Amid national COVID-19 testing delays, Gov. Jared Polis announces plans to expand
Fort Collins Coloradoan
With a national backlog of COVID-19 tests causing delayed results, Colorado Gov. Jared Polis has announced plans to expand lab capacity within the state to get Coloradans results quicker.
Due to the national testing backlog, Polis said Thursday that some Coloradans have waited 10 to 12 days for COVID-19 test results. Two weeks ago, the average test turnaround time was about 1-2 days.
Getting results that late is “almost worthless” because “you’re either in the hospital or you’re better,” Polis said.
“We can no longer rely on that national testing,” Polis said. “We need to take charge here.”
The national labs have been receiving “tens of thousands” of tests to process per day from states currently seeing COVID-19 case spikes, like Arizona, Texas and Florida, Polis said.
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With no national testing strategy, Polis said the state is moving forward with purchasing additional testing supplies, expanding state lab capacity and securing more private partners to meet the state’s testing needs.
“We can’t count on our national partners. There is no national testing strategy, so we’re going to lead by example in Colorado and be one of the states that gets it right,” Polis said.
Colorado has run, on average, 10,000 tests per day in the past week, Polis said, up from 5,000 tests per day in April. On average, the state lab processes about 3,000 of those.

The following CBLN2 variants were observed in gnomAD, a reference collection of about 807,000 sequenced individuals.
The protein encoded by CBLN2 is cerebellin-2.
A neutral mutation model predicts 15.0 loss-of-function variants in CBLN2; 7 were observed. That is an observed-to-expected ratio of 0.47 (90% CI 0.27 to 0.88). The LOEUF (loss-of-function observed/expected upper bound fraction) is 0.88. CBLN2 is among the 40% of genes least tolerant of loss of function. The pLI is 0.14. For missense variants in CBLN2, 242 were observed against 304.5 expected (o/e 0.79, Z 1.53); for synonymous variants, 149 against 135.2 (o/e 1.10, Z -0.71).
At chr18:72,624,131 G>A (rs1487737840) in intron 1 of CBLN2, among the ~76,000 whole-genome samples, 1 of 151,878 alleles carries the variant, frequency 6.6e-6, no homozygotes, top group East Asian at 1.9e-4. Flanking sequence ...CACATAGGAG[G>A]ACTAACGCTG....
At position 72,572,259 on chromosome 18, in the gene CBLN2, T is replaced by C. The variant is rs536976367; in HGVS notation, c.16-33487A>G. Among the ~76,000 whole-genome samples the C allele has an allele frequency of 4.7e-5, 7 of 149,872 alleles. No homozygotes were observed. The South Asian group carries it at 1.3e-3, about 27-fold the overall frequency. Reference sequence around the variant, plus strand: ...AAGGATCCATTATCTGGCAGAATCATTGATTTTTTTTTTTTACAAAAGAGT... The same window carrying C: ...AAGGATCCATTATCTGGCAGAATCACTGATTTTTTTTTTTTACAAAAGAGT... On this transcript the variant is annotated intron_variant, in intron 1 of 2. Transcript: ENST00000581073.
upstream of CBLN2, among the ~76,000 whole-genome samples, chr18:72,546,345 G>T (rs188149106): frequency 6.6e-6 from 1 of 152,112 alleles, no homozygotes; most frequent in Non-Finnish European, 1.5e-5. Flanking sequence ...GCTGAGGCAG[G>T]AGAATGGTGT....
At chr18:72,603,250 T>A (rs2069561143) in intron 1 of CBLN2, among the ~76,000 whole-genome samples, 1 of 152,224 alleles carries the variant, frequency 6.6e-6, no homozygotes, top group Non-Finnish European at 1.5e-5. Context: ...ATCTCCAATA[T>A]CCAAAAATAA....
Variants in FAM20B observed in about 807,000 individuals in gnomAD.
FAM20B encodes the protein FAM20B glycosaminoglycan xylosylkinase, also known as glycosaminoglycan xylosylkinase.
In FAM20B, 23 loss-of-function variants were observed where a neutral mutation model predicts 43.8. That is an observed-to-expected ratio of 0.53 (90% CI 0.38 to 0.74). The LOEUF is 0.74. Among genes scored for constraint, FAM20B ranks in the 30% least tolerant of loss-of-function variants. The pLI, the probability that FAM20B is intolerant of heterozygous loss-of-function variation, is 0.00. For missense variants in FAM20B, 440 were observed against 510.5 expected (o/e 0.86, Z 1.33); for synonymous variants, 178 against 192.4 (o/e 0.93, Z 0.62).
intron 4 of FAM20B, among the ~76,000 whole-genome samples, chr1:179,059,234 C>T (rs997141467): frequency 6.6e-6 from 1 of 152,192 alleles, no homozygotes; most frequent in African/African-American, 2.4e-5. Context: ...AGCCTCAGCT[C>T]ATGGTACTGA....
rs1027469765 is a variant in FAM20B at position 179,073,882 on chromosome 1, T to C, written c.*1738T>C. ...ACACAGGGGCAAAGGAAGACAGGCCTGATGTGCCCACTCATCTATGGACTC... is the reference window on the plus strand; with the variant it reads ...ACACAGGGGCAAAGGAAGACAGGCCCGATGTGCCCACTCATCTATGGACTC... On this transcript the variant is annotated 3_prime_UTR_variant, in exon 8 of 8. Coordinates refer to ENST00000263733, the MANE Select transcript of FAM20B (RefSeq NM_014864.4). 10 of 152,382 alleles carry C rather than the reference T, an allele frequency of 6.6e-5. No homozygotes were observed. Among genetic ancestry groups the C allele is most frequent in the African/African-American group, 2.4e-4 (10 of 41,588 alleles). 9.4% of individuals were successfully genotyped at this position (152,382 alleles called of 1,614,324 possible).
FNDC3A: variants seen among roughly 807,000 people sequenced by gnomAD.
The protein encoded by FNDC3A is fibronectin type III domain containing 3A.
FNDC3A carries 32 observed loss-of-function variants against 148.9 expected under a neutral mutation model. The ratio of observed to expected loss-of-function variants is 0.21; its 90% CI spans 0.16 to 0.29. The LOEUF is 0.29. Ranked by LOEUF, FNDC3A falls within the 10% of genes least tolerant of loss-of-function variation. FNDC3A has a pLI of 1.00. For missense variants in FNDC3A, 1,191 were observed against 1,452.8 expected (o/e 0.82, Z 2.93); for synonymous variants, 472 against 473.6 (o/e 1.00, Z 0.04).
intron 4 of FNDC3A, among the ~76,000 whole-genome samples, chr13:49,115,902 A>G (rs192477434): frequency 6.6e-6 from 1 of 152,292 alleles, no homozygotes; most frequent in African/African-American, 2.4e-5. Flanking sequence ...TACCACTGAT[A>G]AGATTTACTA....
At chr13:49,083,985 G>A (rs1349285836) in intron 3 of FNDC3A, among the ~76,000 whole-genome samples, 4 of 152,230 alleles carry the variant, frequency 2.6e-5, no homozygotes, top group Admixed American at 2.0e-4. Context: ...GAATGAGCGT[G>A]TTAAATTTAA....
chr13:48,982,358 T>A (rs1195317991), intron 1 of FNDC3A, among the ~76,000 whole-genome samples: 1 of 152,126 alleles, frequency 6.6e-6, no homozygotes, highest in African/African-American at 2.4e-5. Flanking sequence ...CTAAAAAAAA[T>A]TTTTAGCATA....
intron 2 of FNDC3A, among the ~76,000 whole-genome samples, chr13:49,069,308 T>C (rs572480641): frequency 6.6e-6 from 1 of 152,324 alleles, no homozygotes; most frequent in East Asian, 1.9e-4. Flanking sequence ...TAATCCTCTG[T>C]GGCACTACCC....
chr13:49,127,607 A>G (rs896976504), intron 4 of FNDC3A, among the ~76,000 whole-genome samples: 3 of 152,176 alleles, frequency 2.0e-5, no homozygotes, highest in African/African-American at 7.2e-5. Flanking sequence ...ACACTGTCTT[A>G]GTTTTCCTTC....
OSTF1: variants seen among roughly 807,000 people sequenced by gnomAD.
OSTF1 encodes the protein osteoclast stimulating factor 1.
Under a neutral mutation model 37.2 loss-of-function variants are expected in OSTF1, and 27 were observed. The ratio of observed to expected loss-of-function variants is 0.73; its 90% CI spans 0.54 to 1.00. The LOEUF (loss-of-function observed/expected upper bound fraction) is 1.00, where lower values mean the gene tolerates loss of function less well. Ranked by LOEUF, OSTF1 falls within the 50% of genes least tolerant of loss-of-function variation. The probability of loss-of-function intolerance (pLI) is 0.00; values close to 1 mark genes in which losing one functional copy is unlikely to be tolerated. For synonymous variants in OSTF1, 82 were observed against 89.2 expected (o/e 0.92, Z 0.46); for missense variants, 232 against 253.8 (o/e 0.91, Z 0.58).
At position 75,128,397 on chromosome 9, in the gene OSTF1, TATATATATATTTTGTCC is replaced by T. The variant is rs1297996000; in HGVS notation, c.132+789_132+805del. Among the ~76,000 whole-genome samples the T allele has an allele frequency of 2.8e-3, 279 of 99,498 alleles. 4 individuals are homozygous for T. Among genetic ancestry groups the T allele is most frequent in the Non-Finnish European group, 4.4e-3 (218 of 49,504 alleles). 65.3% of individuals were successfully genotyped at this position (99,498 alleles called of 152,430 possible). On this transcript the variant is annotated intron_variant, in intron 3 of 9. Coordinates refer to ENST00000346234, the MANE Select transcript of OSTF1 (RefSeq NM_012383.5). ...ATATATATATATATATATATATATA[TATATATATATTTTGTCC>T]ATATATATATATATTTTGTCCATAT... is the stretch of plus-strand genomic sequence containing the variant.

To increase the state’s lab capacity, the state has partnered with health care systems and local private labs to process about 2,000 additional tests per day. Partnerships with other national private labs will account for about 6,200 tests daily. Polis said the state lab is also adding a third shift so tests can be processed 24 hours a day.
These agreements will help the state meet testing needs and get results to Coloradans within a few days, Polis said.
Getting results quickly is key for contact tracing, which Polis said has been largely successful so far. On average, state contact tracers have been able to reach out to 96% of people who have tested positive within 48 hours of their results, and 72% of those people have been cooperative with the tracing process.
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“This increased rate of tracing and tracking will help us keep the virus contained in Colorado,” Polis said.
To further diversify testing capacity, Polis said the state has received approval from the Food and Drug Administration to “cut through red tape” and move forward with a new saliva-based test created by scientists at the University of Colorado Boulder once it is validated.
“We have a lot of irons in the fire,” Polis said. “… We want to be on the forefront of introducing new, more efficient testing methods in Colorado.”
Sady Swanson covers crime, courts, public safety and more throughout Northern Colorado. You can send your story ideas to her at firstname.lastname@example.org or on Twitter at @sadyswan. Support our work and local journalism with a digital subscription at Coloradoan.com/subscribe.
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